An official website of the United States government

Interactive Dialogue with the Special Rapporteur on Trafficking in Persons, Especially Women and Children
June 9, 2017

Interactive Dialogue with the Special Rapporteur on Trafficking in Persons, Especially Women and Children

Friday, June 9, 2017

U.S. Statement
as Delivered by Jason Mack

Thank you.  We thank the Special Rapporteur for her visit to the United States, and we take note, with appreciation, of her findings and recommendations.

The United States remains committed to addressing all forms of trafficking, including for the purpose of labor exploitation, and to providing protection and assistance to all victims of human trafficking.  The Special Rapporteur maintains in her recommendations that the United States should increase investigations and prosecutions on labor trafficking cases occurring in different sectors.  We, like many countries in the world, strive to increase these numbers.  The U.S. Department of Justice launched the Labor Trafficking Initiative to strengthen efforts through training, enhanced intelligence models, and strategic outreach in order to improve identification of labor trafficking cases.  Additionally, the Department of Labor (DOL) working closely with the Department of Justice, enhanced its protocols for detection and referral of potential labor trafficking cases.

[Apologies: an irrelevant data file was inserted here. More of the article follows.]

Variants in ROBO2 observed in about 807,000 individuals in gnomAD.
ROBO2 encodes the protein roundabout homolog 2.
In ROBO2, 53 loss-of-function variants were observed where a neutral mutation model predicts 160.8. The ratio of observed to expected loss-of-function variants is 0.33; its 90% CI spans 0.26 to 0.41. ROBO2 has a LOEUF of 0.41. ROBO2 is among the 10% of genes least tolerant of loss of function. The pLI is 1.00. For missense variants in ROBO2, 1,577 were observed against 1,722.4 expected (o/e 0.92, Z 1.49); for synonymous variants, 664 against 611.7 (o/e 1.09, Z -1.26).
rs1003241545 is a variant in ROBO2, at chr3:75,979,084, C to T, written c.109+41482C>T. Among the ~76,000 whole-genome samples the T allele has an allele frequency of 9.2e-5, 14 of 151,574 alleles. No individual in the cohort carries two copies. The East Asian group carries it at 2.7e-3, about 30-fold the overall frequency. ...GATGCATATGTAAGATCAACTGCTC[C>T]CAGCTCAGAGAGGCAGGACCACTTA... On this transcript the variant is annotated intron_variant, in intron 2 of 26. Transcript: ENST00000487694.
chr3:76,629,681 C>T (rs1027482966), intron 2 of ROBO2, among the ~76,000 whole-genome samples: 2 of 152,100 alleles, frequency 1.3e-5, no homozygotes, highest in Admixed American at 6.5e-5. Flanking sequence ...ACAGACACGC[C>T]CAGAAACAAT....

U.S. programs address human trafficking, domestically and internationally, and assist both sex and labor trafficking survivors.  Many grant beneficiaries are survivors of labor exploitation.  The Departments of Justice, Health and Human Services, and Labor maintain hotlines to identify and assist victims and bring their perpetrators to justice.  The Department of Labor plays an important role in combatting trafficking through civil enforcement of federal labor laws.  The Department of Labor raises awareness about trafficking in persons around the world and promotes efforts to combat it in a coordinated manner through its List of Goods Produced by Child Labor or Forced Labor, List of Products Produced by Forced or Indentured Child Labor, Findings on the Worst Forms of Child Labor, Sweat & Toil App, and Toolkit on Reducing Child Labor and Forced Labor for Responsible Businesses.  Its Office of Child Labor, Forced Labor, and Human Trafficking manages grant projects to combat trafficking globally.

The federal government also provides a number of anti-trafficking training programs and supports anti-trafficking taskforces at the federal, state, and local levels, which the Special Rapporteur refers to in her report.

I would like to call your attention to the U.S. Advisory Council on Human Trafficking, which is comprised of eleven survivors of human trafficking with a range of backgrounds and experiences.  The Council provides advice and recommendations to the federal government on anti-trafficking policy and programs.  It released its first annual report last October with recommendations for further action in the areas of rule of law, public awareness, victim services, labor laws, and grant-making.

The Special Rapporteur’s report mentions U.S. domestic legislation, monitoring and reporting mechanisms, coordination among U.S. government agencies, and U.S. government cooperation with the private sector that have led to good results.  Ms. Giammarinaro, in your view, are there particular U.S. accomplishments that can serve as models for other member states to strengthen their anti-trafficking efforts?

Thank you very much.